As I write this blog, it is now the 2nd of October and the potential for a strike among the 5,500 faculty in the Pennsylvania State System of Higher Education (PASSHE) is relatively high. I should note that the administration of PASSHE has asked that they no longer be referred to as PASSHE, but they want to be known as the State System. What might taking the word “Education” out of your title signify? Should we be concerned? I think so.  One might have to agree that with the way they have gone about negotiations referring to them as the SS might be apropos. I have written a significant editorial in The Voice, the student paper, this past week. While it is similar to what I have written before, but it is specifically pointed toward students and parents. If you would like to read it, please go to http://buvoice.com. As you are considering what is penned, here are some other facts to consider: Pennsylvania, in spite of having a 14 university system as well as Penn State, Temple and Pitt, three other universities who also receive state appropriations, ranks 47th in the country in terms of how much money they spend on higher education. Yes, you read that correctly: 47th. In addition, for students or parents who continuously seem to pay more, I would also note that Penn State, Temple and Pitt, as three schools, receive an amount approximately equal to the appropriatation as the 14 state schools who are PASSHE counterparts. And yet . . .  our esteemed leader, the former Lt. Governor to Jeb Bush, Chancellor Frank Brogan asked for no additional money during almost 6 hours of hearings before the State Senate Budget Committee. That unfortunate lack seemed to also be present when asked about the faculty might claim to represent. After being asked how much we worked, he had to ask his supporting staff at those hearings. Then when told he had to add the 5 hours of office hours he was asked if we only worked 17 hours a week for our six figure salary (which is also inaccurate and something the local paper loves to use), he did nothing to dispel such a ridiculous notion. That is in spite of the fact that each faculty member is required to send in a report each semester telling the State Legislature how much we work. Does all of this sound absurd to you? It should, but that is the current atmosphere of negotiations with our State System (SS). While they want to impose a number of significant changes to how we would be allowed to teach in our classrooms, they seem to have little sense of the consequences of those requests. They want the unfettered ability  to move me from department to department and location to location at will. Hmmmm? How is that going to work for a chemistry or a math student as I try to exlain carbon bonding or reverse functions? If you think that sounds ludicrous, the President of Bloomsburg University already tried to put an Anthropology faculty person in the Math, Computer Science and Statistics Department this fall. It did not actually come to pass because, at least currently, we can reject such a move, but even the attempt is beyond egregious. Note the word “unfettered” earlier. That does not allow for rejection in the future. Again, I am left to wonder how we got to this point?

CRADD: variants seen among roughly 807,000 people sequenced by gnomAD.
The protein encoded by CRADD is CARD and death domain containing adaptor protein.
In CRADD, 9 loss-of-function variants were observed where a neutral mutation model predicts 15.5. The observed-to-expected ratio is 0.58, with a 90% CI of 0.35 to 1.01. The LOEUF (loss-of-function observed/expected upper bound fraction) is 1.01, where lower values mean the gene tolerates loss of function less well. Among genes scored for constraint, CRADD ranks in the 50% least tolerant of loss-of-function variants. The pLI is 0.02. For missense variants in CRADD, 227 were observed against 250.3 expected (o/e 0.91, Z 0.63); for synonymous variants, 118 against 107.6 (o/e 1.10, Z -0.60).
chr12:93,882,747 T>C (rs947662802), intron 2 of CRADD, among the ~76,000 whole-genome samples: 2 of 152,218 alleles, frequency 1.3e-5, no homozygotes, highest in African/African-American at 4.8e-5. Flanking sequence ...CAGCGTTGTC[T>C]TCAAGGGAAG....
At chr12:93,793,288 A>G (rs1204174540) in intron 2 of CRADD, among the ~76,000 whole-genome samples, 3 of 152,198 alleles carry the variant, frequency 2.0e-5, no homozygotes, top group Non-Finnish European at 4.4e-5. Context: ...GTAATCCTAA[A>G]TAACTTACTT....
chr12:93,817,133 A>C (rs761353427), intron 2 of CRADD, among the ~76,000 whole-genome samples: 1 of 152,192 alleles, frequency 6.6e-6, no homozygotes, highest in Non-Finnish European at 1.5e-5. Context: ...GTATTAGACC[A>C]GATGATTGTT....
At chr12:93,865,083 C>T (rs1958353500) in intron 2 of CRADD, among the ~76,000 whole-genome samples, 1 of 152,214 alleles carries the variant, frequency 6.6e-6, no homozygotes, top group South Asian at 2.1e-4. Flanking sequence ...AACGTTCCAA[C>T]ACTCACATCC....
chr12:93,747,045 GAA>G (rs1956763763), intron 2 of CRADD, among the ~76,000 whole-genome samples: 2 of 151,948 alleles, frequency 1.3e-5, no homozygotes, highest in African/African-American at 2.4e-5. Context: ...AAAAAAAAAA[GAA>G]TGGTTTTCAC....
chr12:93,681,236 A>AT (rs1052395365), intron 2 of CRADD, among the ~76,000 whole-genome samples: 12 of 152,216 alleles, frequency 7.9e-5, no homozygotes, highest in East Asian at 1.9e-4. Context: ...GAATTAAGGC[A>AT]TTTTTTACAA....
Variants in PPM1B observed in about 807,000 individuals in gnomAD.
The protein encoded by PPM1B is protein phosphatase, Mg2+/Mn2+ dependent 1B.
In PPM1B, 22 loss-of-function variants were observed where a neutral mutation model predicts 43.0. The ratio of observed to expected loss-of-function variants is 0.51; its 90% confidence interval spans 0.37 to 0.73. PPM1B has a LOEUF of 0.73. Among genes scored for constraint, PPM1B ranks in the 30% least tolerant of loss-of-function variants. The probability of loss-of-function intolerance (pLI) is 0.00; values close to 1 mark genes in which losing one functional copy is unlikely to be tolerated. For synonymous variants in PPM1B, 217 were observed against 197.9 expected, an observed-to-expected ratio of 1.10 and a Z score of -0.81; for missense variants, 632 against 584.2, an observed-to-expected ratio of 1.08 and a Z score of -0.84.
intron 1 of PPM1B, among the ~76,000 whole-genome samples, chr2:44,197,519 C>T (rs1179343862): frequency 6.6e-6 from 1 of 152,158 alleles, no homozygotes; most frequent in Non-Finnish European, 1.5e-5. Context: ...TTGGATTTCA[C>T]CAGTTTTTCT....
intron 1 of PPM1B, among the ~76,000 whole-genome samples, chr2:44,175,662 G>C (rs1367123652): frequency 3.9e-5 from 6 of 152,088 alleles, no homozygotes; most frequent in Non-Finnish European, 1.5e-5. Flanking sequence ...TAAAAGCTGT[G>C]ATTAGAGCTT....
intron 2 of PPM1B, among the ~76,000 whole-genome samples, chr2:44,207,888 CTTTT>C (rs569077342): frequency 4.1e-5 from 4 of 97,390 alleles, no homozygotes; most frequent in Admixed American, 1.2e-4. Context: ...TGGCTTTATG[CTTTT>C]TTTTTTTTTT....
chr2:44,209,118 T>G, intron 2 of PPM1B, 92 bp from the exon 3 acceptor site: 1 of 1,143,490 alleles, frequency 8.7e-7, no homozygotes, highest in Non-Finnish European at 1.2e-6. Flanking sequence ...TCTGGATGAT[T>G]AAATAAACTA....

As I have spoken ito groups of students or other, it is apparent that many parents, many towns peopl, and even our own students, have little real understanding of what is at stake. The changes in teaching proposed by the SS will gut the credibility of a PASSHE degree. It will leave students under-prepared and left to wonder why they are caught between the proverbial “rock and hard spot” in their future positions or why they are under-compensated in spite the significant invest of  (approximate for in-state, but substantively more for the out-of-state) 100K they spent on their degree. They have been cheated. They have been stolen from by a bunch of bureaucrats and legislators who somehow believe that higher education is not worth investing in. That credit by tuition keeps them from “lingering in the smorgasbord of classes” to closely paraphrase Chancellor Brogan (March 2016) . What the hell are they thinking? This coming Thursday, I will be in front of the Board of Governors of the System arguing they need to rethink how they are handling this negotiation.we are 16 days from striking and they have refused offers to meet this coming week.